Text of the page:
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Voters, officials want more solutions from Fulton elections board

(Left to right) Fulton elections chief Blake Evans, Fulton s director of registration and elections Richard Barron, and registration chief Ralph Jones Sr. present during a Thursday, June 11, 2020 meeting of the Fulton County Board of Registration and Elections.
(Left to right) Fulton elections chief Blake Evans, Fulton s director of registration and elections Richard Barron, and registration chief Ralph Jones Sr. present during a Thursday, June 11, 2020 meeting of the Fulton County Board of Registration and Elections.

Following a Tuesday election marred by long lines and technical issues, voters and elected officials on Thursday lobbed complaints and concerns at the board in charge of running Fulton County elections.

It is the first time the Fulton Board of Registration and Elections has met since polls closed, capping a day that has left Fulton the subject of national ridicule, a political fight and multiple investigations.

The board spent the first two hours of its 10 a.m. Zoom meeting listening to public comment. The message was simple: Do better.

Many who spoke complained of more issues in southern Fulton than were seen on the Northside. Officials say that’s because southern turnout was higher.

“What I witnessed myself was a tragedy,” said Khadijah Abdur-Rahman, Fulton commissioner-elect to represent a Southside district. “We look like the laughingstock when it comes to protecting voter rights, and we must do better.”


READ | Virus, lack of preparation lead to Fulton County election disaster


Georgia's counties had to manage one crisis stacked on top of another — and did so after getting a new system of elections equipment from the state.

Considering it's the most populous county in the state, and with its history of election foul-ups, Fulton was always going to attract the most attention. And with everyone watching, it failed to competently adjust to precincts and poll workers dropping out over concerns from COVID-19.

Fulton’s current elections department head Richard Barron told the board that 10 precincts opened late on Tuesday, caused mostly by staff unable to work brand new voting machines. That caused lines to stay long, he said.

First-time poll worker Vanessa Kelly said during public comment that her precinct opened late because machines weren't working. She said she completed video training over the weekend after answering the county's emergency callout to hire 250 extra workers. She didn't get her assignment until 10:30 p.m. Monday.

Kelly said the older poll workers didn’t feel comfortable with the machines. One of the 90 techs the county hired to fix technical problems was there, but couldn’t solve the problem, she said. So she was given a voting scanner manual and told to troubleshoot the issue, which she did.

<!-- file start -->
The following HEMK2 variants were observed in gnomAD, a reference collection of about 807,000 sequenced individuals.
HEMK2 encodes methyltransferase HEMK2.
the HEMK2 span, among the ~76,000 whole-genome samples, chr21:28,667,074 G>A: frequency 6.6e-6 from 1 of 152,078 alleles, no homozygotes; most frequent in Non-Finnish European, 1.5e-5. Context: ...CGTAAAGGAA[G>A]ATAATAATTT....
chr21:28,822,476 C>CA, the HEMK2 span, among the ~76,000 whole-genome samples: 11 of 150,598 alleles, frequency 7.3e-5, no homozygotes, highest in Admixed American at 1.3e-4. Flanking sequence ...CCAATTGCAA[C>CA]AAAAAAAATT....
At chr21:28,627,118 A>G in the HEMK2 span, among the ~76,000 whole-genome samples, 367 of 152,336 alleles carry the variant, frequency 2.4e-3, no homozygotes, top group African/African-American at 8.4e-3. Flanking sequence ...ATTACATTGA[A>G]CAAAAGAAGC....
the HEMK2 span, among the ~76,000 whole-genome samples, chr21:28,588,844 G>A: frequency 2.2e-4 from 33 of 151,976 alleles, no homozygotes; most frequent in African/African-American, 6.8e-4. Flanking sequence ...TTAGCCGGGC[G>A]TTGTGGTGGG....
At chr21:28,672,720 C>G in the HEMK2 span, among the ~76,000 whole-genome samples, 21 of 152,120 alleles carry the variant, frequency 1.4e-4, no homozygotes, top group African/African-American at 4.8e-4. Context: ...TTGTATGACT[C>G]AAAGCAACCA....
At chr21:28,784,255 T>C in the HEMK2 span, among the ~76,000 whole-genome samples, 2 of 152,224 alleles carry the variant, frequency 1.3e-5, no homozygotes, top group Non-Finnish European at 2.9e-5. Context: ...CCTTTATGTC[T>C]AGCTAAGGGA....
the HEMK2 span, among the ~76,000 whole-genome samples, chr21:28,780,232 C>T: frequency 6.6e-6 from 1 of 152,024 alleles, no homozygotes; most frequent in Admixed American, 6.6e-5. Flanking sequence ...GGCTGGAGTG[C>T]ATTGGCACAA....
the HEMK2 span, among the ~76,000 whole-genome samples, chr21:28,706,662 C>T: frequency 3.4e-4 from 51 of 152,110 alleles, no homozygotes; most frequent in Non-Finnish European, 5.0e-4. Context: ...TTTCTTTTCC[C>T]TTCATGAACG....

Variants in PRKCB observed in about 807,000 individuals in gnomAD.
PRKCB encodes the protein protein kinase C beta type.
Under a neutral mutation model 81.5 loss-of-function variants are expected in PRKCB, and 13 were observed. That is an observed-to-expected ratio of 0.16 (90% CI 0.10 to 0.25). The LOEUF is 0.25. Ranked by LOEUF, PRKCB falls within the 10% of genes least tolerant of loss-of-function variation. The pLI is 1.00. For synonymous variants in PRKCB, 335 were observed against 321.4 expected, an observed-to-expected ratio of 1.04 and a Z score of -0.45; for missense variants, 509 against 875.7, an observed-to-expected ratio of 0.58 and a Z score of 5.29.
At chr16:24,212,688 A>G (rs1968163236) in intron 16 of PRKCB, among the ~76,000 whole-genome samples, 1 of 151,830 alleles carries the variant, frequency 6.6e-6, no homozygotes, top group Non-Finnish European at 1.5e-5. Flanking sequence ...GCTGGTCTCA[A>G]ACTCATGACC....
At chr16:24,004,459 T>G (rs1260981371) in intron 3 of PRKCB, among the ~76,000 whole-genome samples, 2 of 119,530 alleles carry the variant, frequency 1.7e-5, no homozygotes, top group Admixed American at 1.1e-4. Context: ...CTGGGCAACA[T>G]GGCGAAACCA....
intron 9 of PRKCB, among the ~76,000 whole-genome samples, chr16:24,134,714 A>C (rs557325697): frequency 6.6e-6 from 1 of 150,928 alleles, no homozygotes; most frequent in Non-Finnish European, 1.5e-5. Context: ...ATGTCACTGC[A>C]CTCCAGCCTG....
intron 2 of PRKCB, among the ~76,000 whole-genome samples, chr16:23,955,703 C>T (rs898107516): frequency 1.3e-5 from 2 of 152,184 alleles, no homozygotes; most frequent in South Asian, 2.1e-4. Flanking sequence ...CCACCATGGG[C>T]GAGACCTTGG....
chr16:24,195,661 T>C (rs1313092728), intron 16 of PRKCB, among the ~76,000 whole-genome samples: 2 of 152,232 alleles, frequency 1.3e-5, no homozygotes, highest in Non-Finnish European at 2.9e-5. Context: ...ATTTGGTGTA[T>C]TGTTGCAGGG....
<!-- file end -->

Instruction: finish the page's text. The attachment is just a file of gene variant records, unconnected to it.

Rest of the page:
Barron said they intend to hire a consultant to review their procedures, specifically the backlog of absentee ballot applications that forced people to vote in-person. Secretary of State Brad Raffensperger mailed absentee ballot request forms to the state's roughly 6.9 million voters in hopes of keeping people out of lines on Election Day.


READ | New machines, same pain for Fulton County voters


But Fulton's servers were overwhelmed with emailed applications, and many voters never got their ballots.

Barron said he will work with the county’s IT department to get an auto-confirmation for emails. Many voters never heard back from the county.

He said they’re planning a survey of poll workers. In addition, he wants to talk with activist and civic groups to get input and ask them to help the county sign up younger poll workers who are more tech-savvy.

But board member Vernetta Nuriddin wanted more from Barron and the lieutenants at his side, elections chief Blake Evans and registration chief Ralph Jones Sr.

“What I’m hearing from the three top leaders of the elections department is that the three of you don’t actually know what to do to fix it,” she said.

Most everyone who spoke said they wanted this issues fixed before the August runoff and November general elections.

“I was hoping that … (you three) would have some type of plan in place or contingency that we can speak on right now because we don’t have six more months to convene councils and task forces because we have an election in August and an early vote in July,” Nuriddin said.

Voters at the Johns Creek Environmental Campus found themselves waiting upwards of 30 to 50 minutes in line Tuesday on Election Day. New voting machines were the initial cause for the long lines, but also the precinct hosts three percents in one because of Covid-19 precautions. (Video by Ryon Horne/AJC)